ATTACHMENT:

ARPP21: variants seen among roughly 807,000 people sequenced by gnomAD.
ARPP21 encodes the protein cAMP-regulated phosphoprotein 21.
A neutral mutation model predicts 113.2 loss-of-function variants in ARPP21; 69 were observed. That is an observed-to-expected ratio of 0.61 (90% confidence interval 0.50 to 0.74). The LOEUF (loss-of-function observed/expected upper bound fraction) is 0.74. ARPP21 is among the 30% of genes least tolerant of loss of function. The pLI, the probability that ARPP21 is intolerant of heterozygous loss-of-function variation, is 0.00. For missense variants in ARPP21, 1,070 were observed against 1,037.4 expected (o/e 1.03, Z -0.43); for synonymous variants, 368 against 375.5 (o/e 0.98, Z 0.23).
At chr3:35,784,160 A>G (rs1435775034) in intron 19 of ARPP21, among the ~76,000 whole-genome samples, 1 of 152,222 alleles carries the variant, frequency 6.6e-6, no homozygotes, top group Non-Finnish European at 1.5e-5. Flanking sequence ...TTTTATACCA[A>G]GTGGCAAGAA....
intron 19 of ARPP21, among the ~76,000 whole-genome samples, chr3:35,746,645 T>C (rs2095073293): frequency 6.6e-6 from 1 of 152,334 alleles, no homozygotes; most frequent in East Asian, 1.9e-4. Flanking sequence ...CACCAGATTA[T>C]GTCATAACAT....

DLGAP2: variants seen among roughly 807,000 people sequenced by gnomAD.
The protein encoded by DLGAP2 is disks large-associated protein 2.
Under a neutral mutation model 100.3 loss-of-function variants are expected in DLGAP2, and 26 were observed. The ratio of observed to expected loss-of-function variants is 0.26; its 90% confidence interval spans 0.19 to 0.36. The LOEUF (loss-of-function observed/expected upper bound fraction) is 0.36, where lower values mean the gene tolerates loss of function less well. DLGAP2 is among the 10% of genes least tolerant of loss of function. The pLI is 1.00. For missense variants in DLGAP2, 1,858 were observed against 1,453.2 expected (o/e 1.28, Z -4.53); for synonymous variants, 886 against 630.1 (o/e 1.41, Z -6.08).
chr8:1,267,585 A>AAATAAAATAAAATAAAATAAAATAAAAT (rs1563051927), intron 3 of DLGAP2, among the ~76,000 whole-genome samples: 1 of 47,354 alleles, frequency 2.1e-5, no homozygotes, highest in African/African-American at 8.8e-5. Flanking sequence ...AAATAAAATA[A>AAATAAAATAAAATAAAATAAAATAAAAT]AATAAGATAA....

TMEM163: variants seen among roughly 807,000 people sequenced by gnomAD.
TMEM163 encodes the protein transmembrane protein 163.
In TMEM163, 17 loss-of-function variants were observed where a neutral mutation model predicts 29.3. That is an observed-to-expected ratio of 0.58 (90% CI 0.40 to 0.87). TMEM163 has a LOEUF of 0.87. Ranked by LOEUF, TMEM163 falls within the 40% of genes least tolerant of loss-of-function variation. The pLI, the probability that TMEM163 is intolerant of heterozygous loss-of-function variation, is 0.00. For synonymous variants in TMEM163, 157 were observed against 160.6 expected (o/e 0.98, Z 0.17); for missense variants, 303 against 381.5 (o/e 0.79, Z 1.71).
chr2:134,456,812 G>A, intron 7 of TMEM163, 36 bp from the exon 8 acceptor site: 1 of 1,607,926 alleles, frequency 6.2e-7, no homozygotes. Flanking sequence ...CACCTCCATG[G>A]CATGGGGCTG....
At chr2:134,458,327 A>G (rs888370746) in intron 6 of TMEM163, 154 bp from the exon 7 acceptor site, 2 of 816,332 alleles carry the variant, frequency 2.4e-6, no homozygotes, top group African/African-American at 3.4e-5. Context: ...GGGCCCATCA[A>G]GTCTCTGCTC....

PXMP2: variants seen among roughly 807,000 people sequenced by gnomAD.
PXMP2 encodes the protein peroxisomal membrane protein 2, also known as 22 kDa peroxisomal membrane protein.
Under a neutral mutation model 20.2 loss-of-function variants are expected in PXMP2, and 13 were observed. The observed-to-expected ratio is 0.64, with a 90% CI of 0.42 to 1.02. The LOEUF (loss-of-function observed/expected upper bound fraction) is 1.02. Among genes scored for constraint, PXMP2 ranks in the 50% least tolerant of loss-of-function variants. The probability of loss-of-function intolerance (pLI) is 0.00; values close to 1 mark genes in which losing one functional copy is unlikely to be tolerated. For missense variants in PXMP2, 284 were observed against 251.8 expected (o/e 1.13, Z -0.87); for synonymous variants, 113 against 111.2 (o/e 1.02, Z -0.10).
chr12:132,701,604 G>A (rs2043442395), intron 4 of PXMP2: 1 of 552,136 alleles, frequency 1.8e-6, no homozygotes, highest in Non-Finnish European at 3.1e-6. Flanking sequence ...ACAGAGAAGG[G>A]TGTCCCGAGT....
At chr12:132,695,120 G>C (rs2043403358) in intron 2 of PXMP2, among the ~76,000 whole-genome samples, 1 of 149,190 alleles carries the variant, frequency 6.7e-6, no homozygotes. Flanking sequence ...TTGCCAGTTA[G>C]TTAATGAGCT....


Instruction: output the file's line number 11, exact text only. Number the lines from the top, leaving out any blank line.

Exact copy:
TMEM163 encodes the protein transmembrane protein 163.